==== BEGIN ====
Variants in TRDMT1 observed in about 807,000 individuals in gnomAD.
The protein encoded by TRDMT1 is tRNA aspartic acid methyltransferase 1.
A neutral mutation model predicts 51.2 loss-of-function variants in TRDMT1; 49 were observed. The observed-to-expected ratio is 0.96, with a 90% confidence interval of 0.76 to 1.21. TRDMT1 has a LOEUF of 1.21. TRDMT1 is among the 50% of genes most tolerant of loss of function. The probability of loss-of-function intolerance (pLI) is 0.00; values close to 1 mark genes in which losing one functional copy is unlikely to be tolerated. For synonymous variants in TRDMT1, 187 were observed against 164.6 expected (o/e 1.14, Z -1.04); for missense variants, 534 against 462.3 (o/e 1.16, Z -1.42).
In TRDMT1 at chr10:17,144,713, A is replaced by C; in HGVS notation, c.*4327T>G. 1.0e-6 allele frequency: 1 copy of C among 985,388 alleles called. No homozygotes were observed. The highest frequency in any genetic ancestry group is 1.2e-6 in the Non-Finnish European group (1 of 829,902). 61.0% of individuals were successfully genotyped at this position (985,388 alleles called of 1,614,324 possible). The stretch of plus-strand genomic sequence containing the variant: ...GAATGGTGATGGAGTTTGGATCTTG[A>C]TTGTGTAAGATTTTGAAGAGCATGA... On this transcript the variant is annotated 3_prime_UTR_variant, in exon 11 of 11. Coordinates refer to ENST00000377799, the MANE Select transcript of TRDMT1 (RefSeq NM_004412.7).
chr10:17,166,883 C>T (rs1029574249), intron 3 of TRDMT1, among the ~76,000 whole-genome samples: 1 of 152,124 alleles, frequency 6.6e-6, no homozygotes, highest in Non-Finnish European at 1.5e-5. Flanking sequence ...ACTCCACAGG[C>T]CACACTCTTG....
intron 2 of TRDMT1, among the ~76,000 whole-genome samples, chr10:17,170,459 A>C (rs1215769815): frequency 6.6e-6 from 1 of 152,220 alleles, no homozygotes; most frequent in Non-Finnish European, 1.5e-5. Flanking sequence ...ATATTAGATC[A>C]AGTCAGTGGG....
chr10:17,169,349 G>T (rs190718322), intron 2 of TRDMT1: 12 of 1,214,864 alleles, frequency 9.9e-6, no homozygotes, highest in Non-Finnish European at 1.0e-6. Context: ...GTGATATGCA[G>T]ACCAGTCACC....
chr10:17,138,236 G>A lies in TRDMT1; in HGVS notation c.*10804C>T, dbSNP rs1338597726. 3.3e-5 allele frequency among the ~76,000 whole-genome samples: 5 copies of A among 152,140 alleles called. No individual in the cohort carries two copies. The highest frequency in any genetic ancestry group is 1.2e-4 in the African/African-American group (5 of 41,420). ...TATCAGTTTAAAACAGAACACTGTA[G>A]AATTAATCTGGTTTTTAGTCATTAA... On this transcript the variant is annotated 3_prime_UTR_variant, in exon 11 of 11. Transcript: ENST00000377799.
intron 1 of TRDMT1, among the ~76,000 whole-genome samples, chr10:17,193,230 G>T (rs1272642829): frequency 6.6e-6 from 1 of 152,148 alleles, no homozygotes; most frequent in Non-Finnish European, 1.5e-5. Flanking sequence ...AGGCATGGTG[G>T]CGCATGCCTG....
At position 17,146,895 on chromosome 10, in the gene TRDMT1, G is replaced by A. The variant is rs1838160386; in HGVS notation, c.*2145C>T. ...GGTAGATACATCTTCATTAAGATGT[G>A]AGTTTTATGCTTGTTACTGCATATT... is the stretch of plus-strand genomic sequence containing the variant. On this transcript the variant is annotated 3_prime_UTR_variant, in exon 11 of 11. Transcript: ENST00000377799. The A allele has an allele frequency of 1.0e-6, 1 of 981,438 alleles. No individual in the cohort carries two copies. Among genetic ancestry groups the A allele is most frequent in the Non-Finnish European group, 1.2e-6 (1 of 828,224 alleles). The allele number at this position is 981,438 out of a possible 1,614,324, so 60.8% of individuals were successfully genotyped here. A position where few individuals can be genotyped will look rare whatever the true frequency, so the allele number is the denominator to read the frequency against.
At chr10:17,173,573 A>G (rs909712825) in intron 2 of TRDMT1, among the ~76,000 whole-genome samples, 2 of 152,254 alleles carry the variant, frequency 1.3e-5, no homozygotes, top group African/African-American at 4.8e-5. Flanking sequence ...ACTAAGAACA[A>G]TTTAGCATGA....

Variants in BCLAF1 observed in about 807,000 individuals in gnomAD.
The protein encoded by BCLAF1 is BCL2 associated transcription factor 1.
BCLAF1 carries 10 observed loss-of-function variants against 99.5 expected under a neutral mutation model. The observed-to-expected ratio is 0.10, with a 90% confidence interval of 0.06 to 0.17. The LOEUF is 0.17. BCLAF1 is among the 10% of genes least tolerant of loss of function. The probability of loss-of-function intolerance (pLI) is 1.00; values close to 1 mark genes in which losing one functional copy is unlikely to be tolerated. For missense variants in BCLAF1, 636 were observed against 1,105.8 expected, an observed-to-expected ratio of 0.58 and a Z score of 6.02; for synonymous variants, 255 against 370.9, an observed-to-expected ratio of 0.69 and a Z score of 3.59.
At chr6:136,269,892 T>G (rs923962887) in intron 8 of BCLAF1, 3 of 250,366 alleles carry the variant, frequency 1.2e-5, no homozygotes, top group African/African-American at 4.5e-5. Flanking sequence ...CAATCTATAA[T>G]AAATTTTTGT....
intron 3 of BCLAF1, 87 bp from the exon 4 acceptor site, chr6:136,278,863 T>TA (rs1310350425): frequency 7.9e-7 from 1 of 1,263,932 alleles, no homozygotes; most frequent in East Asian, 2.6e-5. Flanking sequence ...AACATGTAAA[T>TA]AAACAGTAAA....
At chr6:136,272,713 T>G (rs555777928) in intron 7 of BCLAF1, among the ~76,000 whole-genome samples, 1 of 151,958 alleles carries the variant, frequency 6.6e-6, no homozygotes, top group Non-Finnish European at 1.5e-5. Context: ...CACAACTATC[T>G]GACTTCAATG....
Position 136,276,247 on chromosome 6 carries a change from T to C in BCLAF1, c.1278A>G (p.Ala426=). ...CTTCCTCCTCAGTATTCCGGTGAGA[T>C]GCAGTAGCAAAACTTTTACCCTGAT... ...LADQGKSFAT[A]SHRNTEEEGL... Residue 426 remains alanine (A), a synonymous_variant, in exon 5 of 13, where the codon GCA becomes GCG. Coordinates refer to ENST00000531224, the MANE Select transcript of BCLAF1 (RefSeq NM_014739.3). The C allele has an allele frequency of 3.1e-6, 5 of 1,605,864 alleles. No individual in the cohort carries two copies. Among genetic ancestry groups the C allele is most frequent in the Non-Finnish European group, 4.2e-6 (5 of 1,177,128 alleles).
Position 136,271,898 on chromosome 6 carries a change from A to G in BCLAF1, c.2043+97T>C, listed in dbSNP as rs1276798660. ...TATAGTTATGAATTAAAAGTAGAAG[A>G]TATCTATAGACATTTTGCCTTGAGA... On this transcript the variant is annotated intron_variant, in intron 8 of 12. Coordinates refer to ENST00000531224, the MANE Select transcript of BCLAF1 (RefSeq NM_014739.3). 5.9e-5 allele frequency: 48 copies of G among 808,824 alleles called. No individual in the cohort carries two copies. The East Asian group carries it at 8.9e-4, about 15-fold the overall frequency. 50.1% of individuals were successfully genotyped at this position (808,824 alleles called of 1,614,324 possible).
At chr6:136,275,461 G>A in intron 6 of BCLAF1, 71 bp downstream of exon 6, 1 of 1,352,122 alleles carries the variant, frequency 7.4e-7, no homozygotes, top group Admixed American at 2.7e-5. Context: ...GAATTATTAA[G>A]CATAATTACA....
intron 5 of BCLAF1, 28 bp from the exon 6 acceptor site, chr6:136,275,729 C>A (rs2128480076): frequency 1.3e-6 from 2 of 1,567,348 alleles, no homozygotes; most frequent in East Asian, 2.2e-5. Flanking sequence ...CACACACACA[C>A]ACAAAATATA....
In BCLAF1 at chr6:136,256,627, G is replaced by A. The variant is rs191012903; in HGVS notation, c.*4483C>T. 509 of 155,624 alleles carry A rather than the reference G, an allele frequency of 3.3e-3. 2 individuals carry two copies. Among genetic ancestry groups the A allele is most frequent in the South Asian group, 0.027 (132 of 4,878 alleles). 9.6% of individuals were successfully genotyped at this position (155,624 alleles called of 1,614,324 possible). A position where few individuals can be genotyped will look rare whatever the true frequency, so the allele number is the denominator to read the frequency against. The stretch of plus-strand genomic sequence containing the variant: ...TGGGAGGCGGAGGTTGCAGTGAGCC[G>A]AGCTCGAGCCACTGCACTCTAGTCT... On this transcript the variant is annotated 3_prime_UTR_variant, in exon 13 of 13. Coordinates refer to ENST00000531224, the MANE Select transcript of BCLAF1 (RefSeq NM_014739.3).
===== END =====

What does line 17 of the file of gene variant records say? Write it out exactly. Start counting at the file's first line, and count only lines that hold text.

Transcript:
At chr6:136,272,713 T>G (rs555777928) in intron 7 of BCLAF1, among the ~76,000 whole-genome samples, 1 of 151,958 alleles carries the variant, frequency 6.6e-6, no homozygotes, top group Non-Finnish European at 1.5e-5. Context: ...CACAACTATC[T>G]GACTTCAATG....